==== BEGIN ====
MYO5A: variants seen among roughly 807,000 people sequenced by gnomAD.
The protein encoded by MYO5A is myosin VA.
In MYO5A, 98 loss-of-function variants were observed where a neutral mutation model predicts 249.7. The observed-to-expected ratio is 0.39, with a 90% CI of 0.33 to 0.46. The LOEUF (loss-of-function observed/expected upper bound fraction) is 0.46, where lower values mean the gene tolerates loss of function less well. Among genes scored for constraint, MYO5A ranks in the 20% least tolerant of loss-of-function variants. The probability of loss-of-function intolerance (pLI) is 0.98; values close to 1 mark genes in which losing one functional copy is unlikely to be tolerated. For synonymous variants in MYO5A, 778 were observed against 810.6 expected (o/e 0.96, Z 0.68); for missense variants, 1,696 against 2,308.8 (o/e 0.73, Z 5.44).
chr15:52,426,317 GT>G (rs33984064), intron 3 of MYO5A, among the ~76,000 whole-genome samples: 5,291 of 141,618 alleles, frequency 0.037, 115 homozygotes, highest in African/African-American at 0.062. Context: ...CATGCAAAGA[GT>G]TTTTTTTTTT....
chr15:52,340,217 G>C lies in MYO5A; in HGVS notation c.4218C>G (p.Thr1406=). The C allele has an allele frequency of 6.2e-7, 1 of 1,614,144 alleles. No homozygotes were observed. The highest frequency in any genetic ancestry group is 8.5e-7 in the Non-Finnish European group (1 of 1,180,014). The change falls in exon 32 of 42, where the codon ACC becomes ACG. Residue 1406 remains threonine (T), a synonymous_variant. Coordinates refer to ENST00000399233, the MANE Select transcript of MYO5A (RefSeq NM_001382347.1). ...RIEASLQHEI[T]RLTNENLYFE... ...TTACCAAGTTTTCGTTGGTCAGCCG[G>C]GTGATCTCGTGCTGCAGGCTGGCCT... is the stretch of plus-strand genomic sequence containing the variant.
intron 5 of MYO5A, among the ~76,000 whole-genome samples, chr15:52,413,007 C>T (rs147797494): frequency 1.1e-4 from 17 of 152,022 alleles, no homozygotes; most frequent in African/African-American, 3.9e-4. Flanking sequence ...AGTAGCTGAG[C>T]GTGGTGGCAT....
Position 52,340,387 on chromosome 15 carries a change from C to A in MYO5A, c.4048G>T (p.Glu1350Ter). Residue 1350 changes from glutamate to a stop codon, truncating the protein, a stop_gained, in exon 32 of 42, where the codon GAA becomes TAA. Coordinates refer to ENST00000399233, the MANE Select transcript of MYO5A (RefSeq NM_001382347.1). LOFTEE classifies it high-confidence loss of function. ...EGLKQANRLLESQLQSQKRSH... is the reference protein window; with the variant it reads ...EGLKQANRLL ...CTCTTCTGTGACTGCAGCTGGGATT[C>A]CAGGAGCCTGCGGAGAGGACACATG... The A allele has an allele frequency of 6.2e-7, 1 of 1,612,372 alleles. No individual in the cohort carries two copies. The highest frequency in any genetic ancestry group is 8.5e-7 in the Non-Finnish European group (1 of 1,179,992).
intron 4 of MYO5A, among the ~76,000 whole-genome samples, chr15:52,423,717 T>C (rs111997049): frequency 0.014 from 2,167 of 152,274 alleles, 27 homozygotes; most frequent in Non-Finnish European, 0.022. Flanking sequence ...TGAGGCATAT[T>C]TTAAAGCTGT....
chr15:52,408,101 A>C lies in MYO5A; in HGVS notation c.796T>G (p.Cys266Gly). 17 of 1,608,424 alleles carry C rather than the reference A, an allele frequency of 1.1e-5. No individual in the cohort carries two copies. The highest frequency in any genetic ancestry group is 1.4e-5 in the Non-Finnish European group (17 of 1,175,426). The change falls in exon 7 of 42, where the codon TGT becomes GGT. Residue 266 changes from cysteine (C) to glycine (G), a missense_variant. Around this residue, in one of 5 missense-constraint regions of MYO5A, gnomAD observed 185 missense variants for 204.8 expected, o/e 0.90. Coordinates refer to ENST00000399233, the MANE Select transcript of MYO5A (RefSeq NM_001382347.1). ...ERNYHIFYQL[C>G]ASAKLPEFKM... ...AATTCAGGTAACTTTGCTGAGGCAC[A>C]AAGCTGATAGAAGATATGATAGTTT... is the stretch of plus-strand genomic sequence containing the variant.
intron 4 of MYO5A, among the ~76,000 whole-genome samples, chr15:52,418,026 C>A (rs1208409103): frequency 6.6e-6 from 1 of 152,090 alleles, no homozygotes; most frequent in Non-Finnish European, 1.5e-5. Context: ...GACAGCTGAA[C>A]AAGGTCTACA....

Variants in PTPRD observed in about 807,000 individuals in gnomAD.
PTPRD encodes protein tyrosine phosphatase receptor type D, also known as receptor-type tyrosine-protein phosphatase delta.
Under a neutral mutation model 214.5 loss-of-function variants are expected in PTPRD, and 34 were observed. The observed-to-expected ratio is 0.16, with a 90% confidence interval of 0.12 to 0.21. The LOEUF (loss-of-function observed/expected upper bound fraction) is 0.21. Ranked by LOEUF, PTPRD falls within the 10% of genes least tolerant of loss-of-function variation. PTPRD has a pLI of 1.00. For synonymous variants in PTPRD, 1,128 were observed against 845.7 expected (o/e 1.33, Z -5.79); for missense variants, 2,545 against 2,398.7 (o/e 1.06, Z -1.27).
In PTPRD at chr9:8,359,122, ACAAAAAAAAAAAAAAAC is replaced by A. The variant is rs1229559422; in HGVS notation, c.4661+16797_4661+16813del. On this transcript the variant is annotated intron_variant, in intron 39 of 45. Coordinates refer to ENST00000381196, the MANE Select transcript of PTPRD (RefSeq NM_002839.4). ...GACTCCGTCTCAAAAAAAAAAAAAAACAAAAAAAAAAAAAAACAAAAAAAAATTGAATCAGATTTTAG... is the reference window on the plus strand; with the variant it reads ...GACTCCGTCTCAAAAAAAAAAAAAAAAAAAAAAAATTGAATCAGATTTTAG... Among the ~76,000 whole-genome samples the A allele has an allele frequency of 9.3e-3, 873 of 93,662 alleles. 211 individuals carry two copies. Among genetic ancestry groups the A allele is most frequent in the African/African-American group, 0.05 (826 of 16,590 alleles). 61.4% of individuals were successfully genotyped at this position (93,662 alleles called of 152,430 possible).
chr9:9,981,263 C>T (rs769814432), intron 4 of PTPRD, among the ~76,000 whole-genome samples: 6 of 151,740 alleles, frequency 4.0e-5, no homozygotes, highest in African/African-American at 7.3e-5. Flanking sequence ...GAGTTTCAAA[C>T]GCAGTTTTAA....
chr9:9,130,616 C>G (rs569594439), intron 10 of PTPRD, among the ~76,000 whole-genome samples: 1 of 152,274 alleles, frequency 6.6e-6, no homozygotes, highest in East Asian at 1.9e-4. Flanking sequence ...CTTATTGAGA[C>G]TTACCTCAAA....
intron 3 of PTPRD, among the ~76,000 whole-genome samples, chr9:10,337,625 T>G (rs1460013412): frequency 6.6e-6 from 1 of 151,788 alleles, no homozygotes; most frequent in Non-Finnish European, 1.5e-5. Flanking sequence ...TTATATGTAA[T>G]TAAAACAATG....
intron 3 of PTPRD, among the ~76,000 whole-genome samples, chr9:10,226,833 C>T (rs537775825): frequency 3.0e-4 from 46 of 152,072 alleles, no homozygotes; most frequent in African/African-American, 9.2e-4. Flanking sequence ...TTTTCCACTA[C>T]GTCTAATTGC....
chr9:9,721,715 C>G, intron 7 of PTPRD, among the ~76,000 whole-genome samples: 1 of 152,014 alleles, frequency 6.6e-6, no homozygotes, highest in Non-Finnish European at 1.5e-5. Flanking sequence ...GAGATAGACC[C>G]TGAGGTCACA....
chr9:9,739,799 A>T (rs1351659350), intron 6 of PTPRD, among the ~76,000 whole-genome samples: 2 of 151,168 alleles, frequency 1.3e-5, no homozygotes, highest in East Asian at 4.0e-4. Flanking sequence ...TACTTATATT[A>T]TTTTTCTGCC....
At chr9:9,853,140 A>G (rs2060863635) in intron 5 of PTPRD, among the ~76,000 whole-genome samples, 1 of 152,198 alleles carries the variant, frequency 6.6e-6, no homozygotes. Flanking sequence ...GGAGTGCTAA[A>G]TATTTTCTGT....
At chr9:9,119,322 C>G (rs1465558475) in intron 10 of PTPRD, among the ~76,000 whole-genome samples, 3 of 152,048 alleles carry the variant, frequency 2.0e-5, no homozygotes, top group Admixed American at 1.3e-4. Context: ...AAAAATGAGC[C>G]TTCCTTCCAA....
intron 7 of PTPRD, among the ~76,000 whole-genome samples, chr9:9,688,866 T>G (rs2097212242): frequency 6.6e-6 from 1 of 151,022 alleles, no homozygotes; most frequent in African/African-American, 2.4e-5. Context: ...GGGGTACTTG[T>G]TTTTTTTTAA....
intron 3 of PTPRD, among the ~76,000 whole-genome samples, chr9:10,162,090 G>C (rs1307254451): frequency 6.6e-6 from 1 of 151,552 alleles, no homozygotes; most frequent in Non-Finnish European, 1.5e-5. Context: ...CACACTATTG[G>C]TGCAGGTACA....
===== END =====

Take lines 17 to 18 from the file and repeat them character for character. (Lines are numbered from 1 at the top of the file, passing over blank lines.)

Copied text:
intron 3 of PTPRD, among the ~76,000 whole-genome samples, chr9:10,337,625 T>G (rs1460013412): frequency 6.6e-6 from 1 of 151,788 alleles, no homozygotes; most frequent in Non-Finnish European, 1.5e-5. Flanking sequence ...TTATATGTAA[T>G]TAAAACAATG....
intron 3 of PTPRD, among the ~76,000 whole-genome samples, chr9:10,226,833 C>T (rs537775825): frequency 3.0e-4 from 46 of 152,072 alleles, no homozygotes; most frequent in African/African-American, 9.2e-4. Flanking sequence ...TTTTCCACTA[C>T]GTCTAATTGC....